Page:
Our team at QIC believes that implementing any new technology must depend on its effectiveness as a training tool and the cost of implementation. QIC is currently resolving this concern by developing a tool that guides comparative evaluations of training efficiency across training platforms (e.g., AR, VR, mobile).
I sat in several discussions that provided methods to game design. One session consisted of a workshop to develop games using Universal Design for Learning (UDL). UDL is a framework that focuses on inclusivity in learning and offers guidelines to ensure that all individuals have equal learning opportunities. These guidelines focus on
In other sessions we discussed how psychological concepts can be integrated into a game-based education and training to make it more memorable and engaging. For example, one presenter talked about the role of operant conditioning - learning that occurs through rewards and punishments for behavior- in fostering engagement and motivation.
Conferences like Serious Play are so important because they allow us to see what goes into developing a serious game through the eyes of experts in different fields. Industries often stop at integrating rewards and score boards into education and training, but that seriously limits their growth. The complexity of designing and developing serious games in education and training requires the teamwork of a wide cast of specialists.
Do you have a favorite serious game? If so, what made you enjoy it? We would love to know!
Who doesn't love a snide new way of insulting people? Enter the Dunning-Kruger effect. It's experiencing quite a lot of attention in the media these days as a means of saying "you're dumb AND you're too dumb to recognize how dumb you are." And hey, I totally get it. Insults are fun, and when you can insult people with science, it's even better. But there are some systematic ways that this effect is being slightly misinterpreted across social media these days. I'm going to clear them up for you because if you go on acting like you're an expert about this phenomenon when you actually aren't, well, guess what you're exhibiting?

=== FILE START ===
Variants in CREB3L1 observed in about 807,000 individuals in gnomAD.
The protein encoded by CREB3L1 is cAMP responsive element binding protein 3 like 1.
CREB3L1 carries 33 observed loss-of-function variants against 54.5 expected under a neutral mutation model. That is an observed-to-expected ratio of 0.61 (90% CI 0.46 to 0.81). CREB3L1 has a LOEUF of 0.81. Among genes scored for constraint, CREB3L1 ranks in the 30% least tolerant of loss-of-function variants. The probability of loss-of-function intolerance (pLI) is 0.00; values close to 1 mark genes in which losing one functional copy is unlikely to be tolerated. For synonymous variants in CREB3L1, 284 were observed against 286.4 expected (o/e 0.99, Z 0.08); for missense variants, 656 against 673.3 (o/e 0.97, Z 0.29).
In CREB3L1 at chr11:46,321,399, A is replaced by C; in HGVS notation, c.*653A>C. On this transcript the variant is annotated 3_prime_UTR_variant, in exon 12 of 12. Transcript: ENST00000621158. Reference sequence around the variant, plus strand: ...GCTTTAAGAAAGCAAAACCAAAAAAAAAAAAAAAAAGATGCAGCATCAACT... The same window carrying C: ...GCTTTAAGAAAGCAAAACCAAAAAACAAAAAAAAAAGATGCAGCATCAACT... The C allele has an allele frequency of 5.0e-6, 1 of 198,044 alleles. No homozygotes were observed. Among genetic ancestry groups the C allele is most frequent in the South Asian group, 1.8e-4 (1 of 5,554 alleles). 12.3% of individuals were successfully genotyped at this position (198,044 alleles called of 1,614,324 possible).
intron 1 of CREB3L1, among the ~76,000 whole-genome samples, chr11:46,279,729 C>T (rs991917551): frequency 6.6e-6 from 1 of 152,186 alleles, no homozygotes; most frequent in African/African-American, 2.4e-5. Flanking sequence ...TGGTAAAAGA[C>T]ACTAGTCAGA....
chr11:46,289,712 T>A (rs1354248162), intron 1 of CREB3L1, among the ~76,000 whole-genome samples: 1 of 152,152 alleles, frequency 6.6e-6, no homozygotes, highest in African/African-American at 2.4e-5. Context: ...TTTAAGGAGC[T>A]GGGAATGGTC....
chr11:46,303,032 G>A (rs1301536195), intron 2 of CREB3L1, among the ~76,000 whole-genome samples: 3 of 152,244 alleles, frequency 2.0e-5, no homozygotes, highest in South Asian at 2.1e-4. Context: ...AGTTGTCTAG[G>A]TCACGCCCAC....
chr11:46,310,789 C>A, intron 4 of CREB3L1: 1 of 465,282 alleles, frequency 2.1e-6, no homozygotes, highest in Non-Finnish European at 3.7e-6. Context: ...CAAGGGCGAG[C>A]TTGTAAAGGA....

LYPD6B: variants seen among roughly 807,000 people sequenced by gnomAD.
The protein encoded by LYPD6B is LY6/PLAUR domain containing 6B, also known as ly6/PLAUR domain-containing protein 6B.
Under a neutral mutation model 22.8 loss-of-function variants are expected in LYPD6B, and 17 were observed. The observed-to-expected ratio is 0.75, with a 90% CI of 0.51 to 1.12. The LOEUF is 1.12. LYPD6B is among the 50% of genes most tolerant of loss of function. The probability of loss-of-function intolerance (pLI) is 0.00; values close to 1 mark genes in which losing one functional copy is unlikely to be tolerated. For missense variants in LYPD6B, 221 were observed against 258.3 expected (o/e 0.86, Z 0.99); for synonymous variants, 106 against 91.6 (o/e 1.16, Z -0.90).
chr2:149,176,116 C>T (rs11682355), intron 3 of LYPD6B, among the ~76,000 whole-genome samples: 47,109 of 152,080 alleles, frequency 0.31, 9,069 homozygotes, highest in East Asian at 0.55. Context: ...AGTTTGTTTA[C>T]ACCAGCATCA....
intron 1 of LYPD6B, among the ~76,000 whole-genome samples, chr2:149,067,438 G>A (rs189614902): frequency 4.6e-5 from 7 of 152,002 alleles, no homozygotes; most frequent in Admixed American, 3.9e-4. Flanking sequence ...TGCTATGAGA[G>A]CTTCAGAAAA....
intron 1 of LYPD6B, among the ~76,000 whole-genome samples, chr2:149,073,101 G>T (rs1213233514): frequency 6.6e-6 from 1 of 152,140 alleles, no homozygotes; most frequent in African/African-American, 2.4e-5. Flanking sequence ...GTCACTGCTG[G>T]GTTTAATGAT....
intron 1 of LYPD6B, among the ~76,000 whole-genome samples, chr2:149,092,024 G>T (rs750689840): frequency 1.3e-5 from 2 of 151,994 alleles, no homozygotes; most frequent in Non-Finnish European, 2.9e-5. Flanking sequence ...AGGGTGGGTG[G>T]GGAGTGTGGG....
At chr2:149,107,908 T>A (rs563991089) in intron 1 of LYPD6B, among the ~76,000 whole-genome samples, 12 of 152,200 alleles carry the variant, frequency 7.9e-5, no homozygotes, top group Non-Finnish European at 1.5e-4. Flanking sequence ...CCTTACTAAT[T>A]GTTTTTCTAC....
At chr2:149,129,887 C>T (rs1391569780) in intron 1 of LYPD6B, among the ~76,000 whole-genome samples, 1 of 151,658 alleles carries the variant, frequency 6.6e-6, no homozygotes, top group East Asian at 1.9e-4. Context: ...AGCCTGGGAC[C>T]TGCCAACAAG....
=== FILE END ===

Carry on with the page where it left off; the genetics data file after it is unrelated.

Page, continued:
There are two parts to this that I'm going to talk about:
First, let's tackle what the Dunning-Kruger effect is.
Dunning and Kruger (1999) found across a variety of tasks, when asked to evaluate their own performance, low performers (those in the bottom quartile) tended to think they performed a bit above average (around the 60th percentile) - see Figure 1. Those in the second and third quartile also overestimated their abilities, but the better people performed, the less 'off' their judgments were. Those in the top percentile actually thought they performed a teensy bit worse than they actually did. The pattern of the Dunning-Kruger effect has been replicated many times over and across many types of tasks.
The part of this that grabs attention is that low performers rate themselves as shockingly better than they really are. Note, however, that while the lowest performers rated themselves as above average, they did not rate themselves as "the best" - they rated themselves as "a bit above average." The people who rated themselves as the best were, in fact, the best: the top performing quartile also had the highest perceived ability. This runs contrary to the popular understanding of the effect, in which the most incompetent people think they are the best. They don't think they're the best, they just don't think they're the worst.